Breaking the Silence of The Times
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Yesterday, when I broke the story of how The New York Times Company (see " "Metro Racism" in today's top stories) had bought into a shocking and crude corporate culture of racism when it partnered with the Metro newspaper group in Boston, no one at either The Times or Metro would deign to respond to my story.
Instead, representatives of The Times said it was up to Metro to comment, and a representative of the Metro group told me not to expect a response. Obviously, executives at both companies made the determination that simply ignoring the story – after all, it only appeared in one of those obscure 'blogs' ( Media is a Plural) and on the MediaChannel, an "alternative" web site deemed by some to be far out of the "mainstream" that huge corporations like The Times and Metro float in.
The arrogance of the two "communications" companies in refusing to communicate with the public about the tasteless, racist comments made by top Metro executives could not continue, however, due to the awesome, unchecked power of blogs and the internet.
First up with a demand for a response was Dan Kennedy, media critic for the Boston Phoenix. Next Jim Romenesko, whose Poynter Institute-housed media blog is essential reading for anyone in the media business, prominently posted a link to the story on his site with the headline:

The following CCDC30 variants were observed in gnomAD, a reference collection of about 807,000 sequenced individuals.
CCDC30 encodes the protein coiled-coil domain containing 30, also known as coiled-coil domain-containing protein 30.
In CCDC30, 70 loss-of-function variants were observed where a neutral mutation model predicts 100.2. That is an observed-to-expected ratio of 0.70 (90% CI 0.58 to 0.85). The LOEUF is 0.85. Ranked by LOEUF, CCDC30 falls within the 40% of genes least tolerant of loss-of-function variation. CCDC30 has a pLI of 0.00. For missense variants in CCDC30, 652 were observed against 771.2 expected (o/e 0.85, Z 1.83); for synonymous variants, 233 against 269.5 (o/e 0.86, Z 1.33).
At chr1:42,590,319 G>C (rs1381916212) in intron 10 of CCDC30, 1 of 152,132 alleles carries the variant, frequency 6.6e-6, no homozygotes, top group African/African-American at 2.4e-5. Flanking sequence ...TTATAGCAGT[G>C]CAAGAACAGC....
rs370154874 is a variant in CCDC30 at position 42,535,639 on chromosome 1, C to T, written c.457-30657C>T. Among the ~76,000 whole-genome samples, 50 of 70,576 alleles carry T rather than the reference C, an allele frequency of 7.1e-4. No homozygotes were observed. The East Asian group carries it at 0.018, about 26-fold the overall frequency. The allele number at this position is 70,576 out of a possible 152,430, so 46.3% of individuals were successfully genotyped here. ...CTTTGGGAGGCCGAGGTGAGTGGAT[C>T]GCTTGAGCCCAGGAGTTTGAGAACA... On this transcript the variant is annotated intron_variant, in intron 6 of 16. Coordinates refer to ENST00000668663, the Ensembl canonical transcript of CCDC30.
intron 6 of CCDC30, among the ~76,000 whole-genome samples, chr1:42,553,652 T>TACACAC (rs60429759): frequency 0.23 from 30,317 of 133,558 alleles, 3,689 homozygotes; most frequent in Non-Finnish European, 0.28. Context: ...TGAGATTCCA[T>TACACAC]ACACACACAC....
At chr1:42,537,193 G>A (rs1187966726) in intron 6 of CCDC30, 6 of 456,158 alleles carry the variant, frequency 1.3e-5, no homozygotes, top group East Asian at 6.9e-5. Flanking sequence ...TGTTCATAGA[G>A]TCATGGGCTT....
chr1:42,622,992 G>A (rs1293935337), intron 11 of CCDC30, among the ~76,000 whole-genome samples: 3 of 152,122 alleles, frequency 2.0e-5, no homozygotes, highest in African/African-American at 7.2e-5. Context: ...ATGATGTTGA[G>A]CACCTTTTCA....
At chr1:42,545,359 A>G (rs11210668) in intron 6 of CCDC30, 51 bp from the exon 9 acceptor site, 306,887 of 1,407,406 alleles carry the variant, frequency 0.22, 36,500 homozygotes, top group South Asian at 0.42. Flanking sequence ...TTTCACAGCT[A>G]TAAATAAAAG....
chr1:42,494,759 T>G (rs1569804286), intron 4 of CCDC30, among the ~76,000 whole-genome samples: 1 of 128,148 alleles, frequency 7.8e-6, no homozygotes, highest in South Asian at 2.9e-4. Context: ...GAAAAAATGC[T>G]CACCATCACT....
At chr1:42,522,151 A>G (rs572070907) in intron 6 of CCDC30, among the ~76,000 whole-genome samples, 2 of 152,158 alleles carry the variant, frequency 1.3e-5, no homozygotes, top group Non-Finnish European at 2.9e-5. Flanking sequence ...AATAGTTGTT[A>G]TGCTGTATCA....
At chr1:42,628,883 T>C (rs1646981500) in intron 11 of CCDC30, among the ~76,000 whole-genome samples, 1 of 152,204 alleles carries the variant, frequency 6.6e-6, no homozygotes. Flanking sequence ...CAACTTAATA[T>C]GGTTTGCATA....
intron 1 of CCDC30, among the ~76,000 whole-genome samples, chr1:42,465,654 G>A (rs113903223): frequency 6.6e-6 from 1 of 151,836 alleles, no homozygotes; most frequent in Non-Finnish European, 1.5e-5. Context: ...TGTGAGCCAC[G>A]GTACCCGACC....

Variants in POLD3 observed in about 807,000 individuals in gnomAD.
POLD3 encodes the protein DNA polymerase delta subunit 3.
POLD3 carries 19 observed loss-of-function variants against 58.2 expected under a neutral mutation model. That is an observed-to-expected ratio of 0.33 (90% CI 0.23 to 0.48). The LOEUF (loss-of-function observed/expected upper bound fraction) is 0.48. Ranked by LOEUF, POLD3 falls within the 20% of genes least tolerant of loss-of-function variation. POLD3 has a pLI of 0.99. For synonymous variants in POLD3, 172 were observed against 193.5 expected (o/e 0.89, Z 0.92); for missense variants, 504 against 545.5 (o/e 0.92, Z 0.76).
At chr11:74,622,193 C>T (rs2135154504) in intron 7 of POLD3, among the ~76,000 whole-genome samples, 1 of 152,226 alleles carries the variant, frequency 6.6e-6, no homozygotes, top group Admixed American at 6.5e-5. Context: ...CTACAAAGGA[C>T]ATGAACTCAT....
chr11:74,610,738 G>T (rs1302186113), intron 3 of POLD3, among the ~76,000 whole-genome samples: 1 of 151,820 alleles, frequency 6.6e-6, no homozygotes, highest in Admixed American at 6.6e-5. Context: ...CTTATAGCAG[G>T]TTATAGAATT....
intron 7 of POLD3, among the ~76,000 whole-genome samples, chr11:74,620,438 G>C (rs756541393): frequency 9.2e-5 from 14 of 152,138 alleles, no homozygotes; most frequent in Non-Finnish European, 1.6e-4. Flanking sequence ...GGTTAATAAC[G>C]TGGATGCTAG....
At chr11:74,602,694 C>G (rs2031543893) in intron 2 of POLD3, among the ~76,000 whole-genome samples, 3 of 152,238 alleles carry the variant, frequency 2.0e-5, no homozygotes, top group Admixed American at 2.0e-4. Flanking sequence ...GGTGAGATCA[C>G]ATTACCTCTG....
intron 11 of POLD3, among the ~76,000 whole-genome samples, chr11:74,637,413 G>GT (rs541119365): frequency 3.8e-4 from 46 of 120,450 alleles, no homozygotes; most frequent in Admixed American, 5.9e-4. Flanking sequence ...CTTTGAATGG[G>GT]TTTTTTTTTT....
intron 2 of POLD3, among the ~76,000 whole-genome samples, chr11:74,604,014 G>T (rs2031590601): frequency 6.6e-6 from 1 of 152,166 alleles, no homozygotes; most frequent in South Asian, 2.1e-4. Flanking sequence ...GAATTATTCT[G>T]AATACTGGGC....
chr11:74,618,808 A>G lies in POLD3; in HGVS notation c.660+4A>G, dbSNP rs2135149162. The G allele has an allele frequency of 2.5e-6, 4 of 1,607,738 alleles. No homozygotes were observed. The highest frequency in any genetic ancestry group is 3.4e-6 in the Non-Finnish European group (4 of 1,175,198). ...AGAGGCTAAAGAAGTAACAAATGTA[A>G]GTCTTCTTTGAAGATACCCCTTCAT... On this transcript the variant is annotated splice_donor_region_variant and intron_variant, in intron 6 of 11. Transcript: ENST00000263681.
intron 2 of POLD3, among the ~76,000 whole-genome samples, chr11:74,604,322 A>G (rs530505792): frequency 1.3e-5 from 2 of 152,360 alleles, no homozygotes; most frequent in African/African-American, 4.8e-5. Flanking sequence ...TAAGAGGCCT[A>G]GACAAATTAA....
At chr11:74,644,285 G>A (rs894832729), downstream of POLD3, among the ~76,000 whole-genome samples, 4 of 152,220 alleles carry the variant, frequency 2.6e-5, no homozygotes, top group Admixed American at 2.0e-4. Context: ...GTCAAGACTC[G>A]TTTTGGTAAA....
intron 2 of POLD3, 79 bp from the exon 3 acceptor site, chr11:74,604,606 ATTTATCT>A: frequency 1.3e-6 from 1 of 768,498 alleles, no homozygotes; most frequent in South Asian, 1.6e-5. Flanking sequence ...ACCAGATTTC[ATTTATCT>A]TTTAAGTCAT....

Report: NYT Co. is buying into a culture of crude racism.
Soon I began hearing from Boston's mainstream media – including several calls from The Boston Globe, The Times-owned daily that is meant to execute the proposed partnership with Metro's free daily in Boston.
Soon the wall of silence cracked, and both The Times and Metro were forced to abandon their decision not to respond. By day's end, Dan Kennedy had posted responses from both The Times Company and Metro. Rather than paraphrase them, I suggest you read the statements yourself, and see if you share my amazement.
The Times, pushed unwittingly into the fray, finally admitted it was at least "discussing" the matter with its new partners at Metro, and then pushed out some pro forma pap about how it is "committed to fair treatment of all employees based on respect, accountability and standards of excellence."
The Metro statement, on the other hand, is one of the oddest "non-denial denials" seen this side of Richard Nixon and Watergate. But in essence it confirms the particulars of my original reporting, and even contains a half-hearted sort of apology for the bizarre and offensive racist comments made by top Metro executives in the past – remarks so offensive that even The Boston Globe ran a story on the controversy today, confirming my original story but centering, of course, on the "apology" offered by Metro's top executive in North America, Steve Nylund.
But thus far the august New York Times itself has yet to report on its new, racist partner.
Don't hold your breath!